Your CIBIL report plays an integral role in your finances, influencing everything from your mortgage rates to your ability to secure a job or apartment. Given the weight your three-digit number carries, it’s important to know which factors are used to calculate your score—and which actions you can take to keep your credit rating healthy. When you approach a bank to fund your home purchase, you are often puzzled because a bank executive starts probing your credit score before proceeding. You may not have given it much thought, but your punctuality in paying your bills – credit card bills, equated monthly instalments (EMIs) for your automobile loan, and many other such liabilities – has a bearing on whether a bank approves or rejects your loan.
Credit information bureaus gives information about the credit profile of a person.
We all very well know how important a role, a credit report plays during our loan application process. Reading through the report is quite a daunting task as the terms mentioned there are not something we come across every day. So, here’s a detailed look at the various key terms you will come across in your CIBIL report.
The status of your loan repayment is usually categorized to gain an easy understanding of your credit history from the bank’s point of view.
What it means
Payments are made within 90 days
Non-Performing Asset (NPA)
Payments are overdue beyond 90 days
Sub Standard Account (SUB)
An account which has remained an NPA for more than a year
Special Mention Account (SMA)
A special account is created for reporting a standard account deteriorating to a sub-standard
An account which has remained SUB for more than 1 year
An account which has proven to be uncollectible and is declared as a loss
Actual Payment Amount
This is the actual value of the amount you have paid to your lender. This may be less or more than the stipulated value of your equated monthly installment.
This is the value of the amount that needs to paid back to the lender within the stipulated tenure. (Includes principal and interest)
This is the maximum amount you can withdraw against your credit card.
This is a unique number given in your credit report.
A security given to your lender by you, should you fail to repay your loan your collateral will be taken over by the lender. Collateral may be in the form of gold, stocks or shares.
It refers to the total credit you have access to with respect to your credit card and overdraft.
It is the value of the amount you are yet to repay to the lending institution.
Days Past Due
It is the number of days past the due date for repaying. It indicates the delay payments paid each month.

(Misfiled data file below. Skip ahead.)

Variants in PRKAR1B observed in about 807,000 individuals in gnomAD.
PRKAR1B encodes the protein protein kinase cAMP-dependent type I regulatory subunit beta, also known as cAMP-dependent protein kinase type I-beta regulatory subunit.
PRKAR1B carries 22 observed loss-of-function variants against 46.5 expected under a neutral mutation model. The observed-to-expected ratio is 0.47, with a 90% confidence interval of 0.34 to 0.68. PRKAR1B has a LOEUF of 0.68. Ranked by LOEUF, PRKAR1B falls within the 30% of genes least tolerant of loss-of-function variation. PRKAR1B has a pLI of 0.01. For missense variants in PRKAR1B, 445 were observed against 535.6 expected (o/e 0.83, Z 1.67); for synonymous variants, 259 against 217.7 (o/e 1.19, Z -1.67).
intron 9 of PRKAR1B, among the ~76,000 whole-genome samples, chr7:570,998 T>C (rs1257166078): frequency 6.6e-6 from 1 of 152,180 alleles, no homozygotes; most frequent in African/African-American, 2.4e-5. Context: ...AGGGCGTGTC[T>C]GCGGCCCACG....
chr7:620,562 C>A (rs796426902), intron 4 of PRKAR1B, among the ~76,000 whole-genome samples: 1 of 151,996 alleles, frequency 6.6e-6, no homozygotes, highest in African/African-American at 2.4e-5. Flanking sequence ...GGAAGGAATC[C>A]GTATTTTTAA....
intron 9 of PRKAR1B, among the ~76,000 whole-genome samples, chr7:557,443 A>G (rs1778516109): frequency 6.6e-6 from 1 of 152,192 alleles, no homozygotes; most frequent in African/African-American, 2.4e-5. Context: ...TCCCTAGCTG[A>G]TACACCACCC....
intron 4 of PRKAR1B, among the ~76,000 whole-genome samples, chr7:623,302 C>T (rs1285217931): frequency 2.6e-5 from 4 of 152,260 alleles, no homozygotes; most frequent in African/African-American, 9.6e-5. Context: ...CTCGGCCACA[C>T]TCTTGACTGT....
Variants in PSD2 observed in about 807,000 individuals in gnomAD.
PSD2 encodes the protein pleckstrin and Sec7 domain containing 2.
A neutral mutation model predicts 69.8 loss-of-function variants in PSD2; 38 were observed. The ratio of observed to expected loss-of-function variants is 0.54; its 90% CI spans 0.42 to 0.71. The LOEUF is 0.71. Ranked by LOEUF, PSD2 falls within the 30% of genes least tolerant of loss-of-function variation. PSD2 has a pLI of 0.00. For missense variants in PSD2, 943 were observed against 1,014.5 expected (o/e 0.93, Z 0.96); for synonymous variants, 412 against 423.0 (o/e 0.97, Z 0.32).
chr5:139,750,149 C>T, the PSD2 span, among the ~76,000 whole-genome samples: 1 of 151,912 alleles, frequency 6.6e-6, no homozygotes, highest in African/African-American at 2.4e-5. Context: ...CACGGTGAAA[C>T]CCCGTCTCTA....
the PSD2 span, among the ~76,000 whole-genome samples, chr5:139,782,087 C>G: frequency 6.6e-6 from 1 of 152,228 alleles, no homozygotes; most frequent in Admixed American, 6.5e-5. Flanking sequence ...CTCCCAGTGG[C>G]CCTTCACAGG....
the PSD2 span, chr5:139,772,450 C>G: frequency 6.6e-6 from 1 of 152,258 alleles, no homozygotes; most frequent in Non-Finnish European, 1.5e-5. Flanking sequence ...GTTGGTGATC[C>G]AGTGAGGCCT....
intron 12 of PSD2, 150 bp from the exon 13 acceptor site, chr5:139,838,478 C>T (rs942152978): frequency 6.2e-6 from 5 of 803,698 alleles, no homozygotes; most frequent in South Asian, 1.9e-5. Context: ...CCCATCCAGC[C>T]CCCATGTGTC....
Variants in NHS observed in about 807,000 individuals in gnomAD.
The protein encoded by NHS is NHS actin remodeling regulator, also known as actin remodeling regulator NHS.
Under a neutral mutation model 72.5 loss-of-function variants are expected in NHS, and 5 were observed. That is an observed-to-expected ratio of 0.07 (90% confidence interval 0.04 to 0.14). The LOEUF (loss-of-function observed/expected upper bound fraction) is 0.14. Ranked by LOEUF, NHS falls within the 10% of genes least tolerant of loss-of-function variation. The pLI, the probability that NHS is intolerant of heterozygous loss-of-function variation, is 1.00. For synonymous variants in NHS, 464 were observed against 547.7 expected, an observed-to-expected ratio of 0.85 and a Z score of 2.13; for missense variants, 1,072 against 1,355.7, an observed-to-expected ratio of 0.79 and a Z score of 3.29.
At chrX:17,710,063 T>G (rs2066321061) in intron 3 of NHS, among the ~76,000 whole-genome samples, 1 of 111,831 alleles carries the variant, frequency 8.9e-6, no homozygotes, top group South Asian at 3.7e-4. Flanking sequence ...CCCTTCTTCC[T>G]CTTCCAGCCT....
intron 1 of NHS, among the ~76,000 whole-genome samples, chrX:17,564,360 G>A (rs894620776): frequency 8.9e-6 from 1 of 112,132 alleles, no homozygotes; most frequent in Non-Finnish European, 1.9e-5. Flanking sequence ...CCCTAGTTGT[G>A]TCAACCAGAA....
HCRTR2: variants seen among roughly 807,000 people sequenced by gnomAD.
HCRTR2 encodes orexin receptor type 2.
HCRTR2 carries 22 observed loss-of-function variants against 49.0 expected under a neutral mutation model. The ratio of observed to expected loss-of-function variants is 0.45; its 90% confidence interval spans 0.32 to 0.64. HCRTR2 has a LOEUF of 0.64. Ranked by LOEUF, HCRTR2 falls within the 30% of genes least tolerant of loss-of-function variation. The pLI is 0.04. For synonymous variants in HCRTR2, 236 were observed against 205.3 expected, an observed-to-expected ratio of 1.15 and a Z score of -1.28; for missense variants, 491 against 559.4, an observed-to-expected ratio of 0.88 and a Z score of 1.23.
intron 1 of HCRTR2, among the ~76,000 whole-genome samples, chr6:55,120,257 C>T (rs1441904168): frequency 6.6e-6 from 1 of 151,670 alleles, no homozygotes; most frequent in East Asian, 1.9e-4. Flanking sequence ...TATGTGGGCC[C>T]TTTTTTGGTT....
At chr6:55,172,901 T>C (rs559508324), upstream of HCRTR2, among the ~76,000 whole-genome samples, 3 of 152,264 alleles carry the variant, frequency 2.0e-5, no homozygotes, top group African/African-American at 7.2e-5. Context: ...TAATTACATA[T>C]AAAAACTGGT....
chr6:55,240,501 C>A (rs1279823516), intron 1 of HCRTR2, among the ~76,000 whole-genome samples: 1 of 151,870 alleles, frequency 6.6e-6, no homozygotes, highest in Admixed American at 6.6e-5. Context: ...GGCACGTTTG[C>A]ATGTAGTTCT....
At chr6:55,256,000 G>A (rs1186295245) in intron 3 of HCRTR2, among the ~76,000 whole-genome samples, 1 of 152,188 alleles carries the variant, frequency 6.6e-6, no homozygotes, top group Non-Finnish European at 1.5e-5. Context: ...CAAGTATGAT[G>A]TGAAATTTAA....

The value of your equated monthly installment you pay on your loan.
This section contains the details of the loan you have applied for. These are provided by the lending institution to CIBIL .
This field indicates the person/persons responsible for repaying your dues. There are four types, namely:
- Single – you are solely in charge of paying all your dues
- Joint – you and someone else together have taken the responsibility of repaying your dues
- Authorized user – when you hold an add-on credit cards, where it is understood that you are not responsible for paying your bills.
- Guarantor – when there is another person who has taken up the sole responsibility of repaying the loan, should the principal applicant fail to do so.
This indicates the highest value of your credit card bills.
This is the duration of your loan repayment period.
It is the total loan amount disbursed to you.
When the amount to be paid to the lender is disputed by the borrower, they come to a settled value which is not the same as the actual amount due. The difference between the settlement and the actual amount is written off by the lender.
Suit filed/ willful default
If there was a suit filed against you by any of your previous lenders on account of refusing to fulfill your repayment (wilful default).
Written Off amount
This indicates the total value of amount not paid by the borrower, after paying the settlement amount.
Written off and settled status
Displays details of previous settlement as well as written off values by the lenders.
Details like your past and current residential and office addresses, opening and closing dates of loans, the ownership status (single/ joint/guarantor), the liability type (loan/credit card) also form an important part of your credit report.
Points to note
The above information will certainly help you understand your CIBIL report and will allow you to take necessary measures to maintain/improve your credit score. Cibil sources all your credit information from leading banks and other financial institutions. These data keep getting updated from time to time.
Call now for free expert advice: +91 95350 61366